Canada remains at the forefront of MS research around the world. Through generous contributions from donors, corporate sponsors, and fervent fundraisers, the Multiple Sclerosis Society of Canada has invested over $190 million dollars in research since its inception in 1948. This investment has led to significant results for people affected by MS. More specifically, MS Society funded studies have gone the distance in areas such as imaging, diagnosis, genetics, tissue repair, rehabilitation, and disease-modifying therapies. With each passing year research continues to reveal new knowledge around the cause of MS, as well as the mechanism by which MS impacts the central nervous system.
Although much progress has been made, many questions regarding MS remain unanswered. As a result, Canadian researchers with diverse scientific backgrounds and expertise are turning their attention to MS and working together to uncover important knowledge and develop treatments that will effectively manage symptoms and slow progression. To ensure that momentum in MS research continues, the MS Society administers an annual research competition that provides support for researchers whether they are in the early stages of graduate school or conducting research as independent investigator. Funding researchers across the academic and clinical spectrum enables education and training for the next generation of MS leaders, while reinforcing their passion for the field.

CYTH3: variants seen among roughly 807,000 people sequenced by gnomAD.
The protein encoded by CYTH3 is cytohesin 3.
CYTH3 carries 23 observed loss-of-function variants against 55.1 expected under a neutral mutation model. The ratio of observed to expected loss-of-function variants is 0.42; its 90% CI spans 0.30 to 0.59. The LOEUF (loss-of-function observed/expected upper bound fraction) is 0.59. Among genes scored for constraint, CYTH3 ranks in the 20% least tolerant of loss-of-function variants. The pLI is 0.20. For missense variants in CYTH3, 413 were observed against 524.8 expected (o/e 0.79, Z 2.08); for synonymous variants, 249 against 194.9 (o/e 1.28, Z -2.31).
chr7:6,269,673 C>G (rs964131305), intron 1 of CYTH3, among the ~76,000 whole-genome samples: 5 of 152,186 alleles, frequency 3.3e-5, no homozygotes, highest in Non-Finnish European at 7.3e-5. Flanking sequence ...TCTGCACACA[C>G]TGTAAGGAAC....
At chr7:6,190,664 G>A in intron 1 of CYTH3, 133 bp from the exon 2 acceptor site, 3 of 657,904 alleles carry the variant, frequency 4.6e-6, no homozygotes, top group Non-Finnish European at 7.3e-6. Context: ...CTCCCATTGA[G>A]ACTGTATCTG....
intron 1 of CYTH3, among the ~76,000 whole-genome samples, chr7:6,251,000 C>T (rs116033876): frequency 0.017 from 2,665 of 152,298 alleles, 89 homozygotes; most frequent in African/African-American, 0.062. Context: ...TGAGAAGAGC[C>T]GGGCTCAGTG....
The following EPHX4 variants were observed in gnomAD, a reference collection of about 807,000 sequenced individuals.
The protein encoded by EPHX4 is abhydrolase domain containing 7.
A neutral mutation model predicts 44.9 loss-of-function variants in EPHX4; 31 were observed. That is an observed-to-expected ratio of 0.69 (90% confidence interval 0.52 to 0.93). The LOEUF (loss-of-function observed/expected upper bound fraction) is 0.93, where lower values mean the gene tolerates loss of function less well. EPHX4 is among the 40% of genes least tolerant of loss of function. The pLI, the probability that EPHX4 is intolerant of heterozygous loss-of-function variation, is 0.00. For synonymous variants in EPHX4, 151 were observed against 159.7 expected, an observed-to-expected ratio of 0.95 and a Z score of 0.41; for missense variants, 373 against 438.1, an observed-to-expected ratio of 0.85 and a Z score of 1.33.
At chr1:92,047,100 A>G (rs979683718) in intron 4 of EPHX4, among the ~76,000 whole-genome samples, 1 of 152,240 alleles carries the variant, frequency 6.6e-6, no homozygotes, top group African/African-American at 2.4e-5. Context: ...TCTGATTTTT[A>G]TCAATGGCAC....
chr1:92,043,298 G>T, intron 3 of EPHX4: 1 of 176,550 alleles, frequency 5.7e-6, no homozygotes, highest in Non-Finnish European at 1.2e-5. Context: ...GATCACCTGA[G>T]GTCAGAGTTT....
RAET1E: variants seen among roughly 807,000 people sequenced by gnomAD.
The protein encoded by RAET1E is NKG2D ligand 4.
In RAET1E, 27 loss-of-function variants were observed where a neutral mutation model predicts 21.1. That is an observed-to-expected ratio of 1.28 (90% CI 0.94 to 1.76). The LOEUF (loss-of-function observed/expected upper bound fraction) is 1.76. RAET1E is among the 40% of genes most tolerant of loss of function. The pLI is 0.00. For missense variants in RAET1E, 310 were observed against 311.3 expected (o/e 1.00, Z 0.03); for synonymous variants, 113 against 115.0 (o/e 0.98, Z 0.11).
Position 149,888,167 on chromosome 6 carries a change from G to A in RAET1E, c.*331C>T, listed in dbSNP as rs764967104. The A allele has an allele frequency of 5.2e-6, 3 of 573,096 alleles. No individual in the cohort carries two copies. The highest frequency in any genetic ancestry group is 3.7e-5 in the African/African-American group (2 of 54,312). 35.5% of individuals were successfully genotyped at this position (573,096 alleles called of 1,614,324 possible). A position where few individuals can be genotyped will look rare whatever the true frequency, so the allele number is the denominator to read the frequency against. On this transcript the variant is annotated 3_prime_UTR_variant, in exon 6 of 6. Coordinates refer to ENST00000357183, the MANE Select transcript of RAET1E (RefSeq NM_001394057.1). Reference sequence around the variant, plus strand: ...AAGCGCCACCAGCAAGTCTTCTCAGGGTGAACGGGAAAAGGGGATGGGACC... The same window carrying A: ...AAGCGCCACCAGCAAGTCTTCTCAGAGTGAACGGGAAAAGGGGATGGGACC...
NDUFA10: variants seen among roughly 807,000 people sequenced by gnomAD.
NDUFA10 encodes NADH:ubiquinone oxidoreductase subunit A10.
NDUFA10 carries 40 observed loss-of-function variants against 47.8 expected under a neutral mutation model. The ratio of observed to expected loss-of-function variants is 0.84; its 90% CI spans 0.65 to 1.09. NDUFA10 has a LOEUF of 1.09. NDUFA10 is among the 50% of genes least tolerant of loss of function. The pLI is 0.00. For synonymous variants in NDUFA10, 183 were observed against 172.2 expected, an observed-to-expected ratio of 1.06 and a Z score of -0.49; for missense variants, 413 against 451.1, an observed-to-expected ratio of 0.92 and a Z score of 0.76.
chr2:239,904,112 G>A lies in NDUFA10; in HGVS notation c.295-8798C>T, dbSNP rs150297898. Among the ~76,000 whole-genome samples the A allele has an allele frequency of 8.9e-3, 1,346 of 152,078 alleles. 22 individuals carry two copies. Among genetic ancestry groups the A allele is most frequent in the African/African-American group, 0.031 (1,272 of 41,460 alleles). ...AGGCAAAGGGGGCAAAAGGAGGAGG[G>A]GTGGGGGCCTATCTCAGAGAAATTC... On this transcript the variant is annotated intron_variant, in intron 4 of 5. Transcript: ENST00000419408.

In addition to supporting research, the MS Society engages young researchers in education and training programs, mentorship initiatives, and networking opportunities which aim to stimulate interest in MS research and encourage collaboration amongst the future generation of MS experts.
The overarching goal of the MS Society is to invest in research that will provide the greatest benefit to individuals who are deeply affected by MS. Each year the organization is hopeful that its commitment to research will bring the MS community one step closer to finding a cure for this complex and often unpredictable disease.